In 2008, after being sick for a several years with an illness nobody could explain, I got an unpleasant surprise: an aneurysm ruptured in my leg, causing a lengthy recovery and permanent nerve damage and severe pain, the kind that awakens me from sleep screaming sometimes or collapses me on the floor, holding the leg. The result, however, was that I was finally diagnosed with a genetic disease, Ehlers Danlos Syndrome, Vascular type (VEDS), a rare disease (about 250, 000 people total are thought to have it). At least I knew why I was sick.
EDS causes a defect in the body’s formation of collagen that can cause hypermobility in joints (being able to bend the thumb down to touch the bone under the wrist, for example, and all varieties of unusual double-jointedness, depending on the way the disease affects the individual), and constant pain. But more seriously in VEDS, that malformation also occurs in blood vessels, which frequently causes them to balloon, forming aneurysms, and dissect, which is to tear.
Existing treatments for aneurysms are advanced, requiring no traditional surgery. Stents can be threaded through a small incision in the groin and brought (using a micro-camera) to the site and used to replace the vessel that is damaged. This is remarkable, and the best treatment available, since no specialized medication is available for VEDS. Avoiding surgery is critical, since doing surgery on someone with VEDS is comparable to trying to sew on wet toilet paper.
Unfortunately for me, though, according to my doctor, my aneurysms are in places where stents would not be effective. Several of my aneurysms are on the renal arteries (near my kidneys), and the most dangerous one is on my superior mesenteric artery (SMA) (below the aorta). This is where arteries are huge. For comparison, the aorta is the size of a garden hose. Making the tiniest surgical mistake on the SMA would be immediately fatal; the surgeon explained that in the case of fixing the aneurysm surgically, the risk outweighs the benefit. If it ruptures, I will die immediately, before anyone possibly could fix it. Thus, my predicted shortened lifespan.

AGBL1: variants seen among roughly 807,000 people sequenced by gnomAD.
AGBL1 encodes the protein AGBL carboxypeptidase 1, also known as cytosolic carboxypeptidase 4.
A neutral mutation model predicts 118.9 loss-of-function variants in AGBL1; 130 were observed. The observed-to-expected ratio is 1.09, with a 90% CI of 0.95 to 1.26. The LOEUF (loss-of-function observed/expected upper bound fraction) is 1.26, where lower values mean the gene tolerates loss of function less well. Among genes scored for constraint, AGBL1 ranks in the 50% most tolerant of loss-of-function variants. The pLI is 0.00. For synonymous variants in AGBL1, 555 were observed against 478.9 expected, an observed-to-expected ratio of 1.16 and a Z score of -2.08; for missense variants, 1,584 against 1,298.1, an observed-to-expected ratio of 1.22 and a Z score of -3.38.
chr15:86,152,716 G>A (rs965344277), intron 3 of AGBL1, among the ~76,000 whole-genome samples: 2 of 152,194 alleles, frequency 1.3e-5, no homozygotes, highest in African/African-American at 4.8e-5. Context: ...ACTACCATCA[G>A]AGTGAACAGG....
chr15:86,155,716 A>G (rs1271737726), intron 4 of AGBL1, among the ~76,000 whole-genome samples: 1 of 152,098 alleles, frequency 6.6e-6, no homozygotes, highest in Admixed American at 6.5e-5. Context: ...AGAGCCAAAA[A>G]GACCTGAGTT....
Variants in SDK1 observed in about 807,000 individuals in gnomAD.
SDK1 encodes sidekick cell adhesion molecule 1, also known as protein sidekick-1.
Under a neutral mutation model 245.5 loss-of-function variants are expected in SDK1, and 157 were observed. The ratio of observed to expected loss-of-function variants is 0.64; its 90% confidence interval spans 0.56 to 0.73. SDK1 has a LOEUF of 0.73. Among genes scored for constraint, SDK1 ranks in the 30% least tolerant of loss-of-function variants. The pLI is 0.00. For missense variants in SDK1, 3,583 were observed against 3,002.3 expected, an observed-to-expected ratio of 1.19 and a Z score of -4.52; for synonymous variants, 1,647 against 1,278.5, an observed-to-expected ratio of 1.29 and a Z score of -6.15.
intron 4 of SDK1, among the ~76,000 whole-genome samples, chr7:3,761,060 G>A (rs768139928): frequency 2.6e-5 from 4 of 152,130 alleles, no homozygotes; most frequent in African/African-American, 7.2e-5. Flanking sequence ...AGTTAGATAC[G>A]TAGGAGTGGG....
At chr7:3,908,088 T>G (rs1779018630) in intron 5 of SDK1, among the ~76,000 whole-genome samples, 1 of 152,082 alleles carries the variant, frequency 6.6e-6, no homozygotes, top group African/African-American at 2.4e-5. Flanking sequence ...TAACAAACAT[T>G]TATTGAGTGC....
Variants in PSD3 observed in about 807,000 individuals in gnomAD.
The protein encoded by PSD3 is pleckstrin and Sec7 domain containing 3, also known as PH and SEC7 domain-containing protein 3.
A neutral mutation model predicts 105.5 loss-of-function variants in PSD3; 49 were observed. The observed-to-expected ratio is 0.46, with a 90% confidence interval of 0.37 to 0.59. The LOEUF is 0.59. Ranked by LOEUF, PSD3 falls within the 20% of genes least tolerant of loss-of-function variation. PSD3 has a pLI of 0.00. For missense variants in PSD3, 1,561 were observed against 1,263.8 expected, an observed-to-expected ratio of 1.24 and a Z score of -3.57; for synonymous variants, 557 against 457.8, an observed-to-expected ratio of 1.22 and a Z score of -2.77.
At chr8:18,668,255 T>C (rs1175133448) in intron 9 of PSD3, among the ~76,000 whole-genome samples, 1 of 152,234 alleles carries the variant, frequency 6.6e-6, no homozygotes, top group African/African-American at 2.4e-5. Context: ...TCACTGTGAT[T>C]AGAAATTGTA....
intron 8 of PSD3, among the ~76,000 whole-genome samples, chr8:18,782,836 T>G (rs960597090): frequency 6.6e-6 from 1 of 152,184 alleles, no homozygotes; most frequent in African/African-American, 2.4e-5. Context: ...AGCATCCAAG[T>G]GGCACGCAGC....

Here’s the good news: unlike many people my age, I have low blood pressure, which means less pressure on the aneurysm to grow. Having consulted with a nutritionist, I am a vegan (gluten-free as well) and I eat a reasonable amount of protein and take many (excellent quality) vitamins and nutritional supplements for maintaining my health (and I’m happy with the brand I’m using). Not eating garbage, especially meat with hormones of all kinds injected, is very important. I believe taking these important steps will lengthen my life beyond that doctor’s flip prediction.
What do you think? Do you agree that my diet may have an impact on my lifespan? How about my use of nutritional supplements? Do you use them?
375 days. Tick, tick, tick.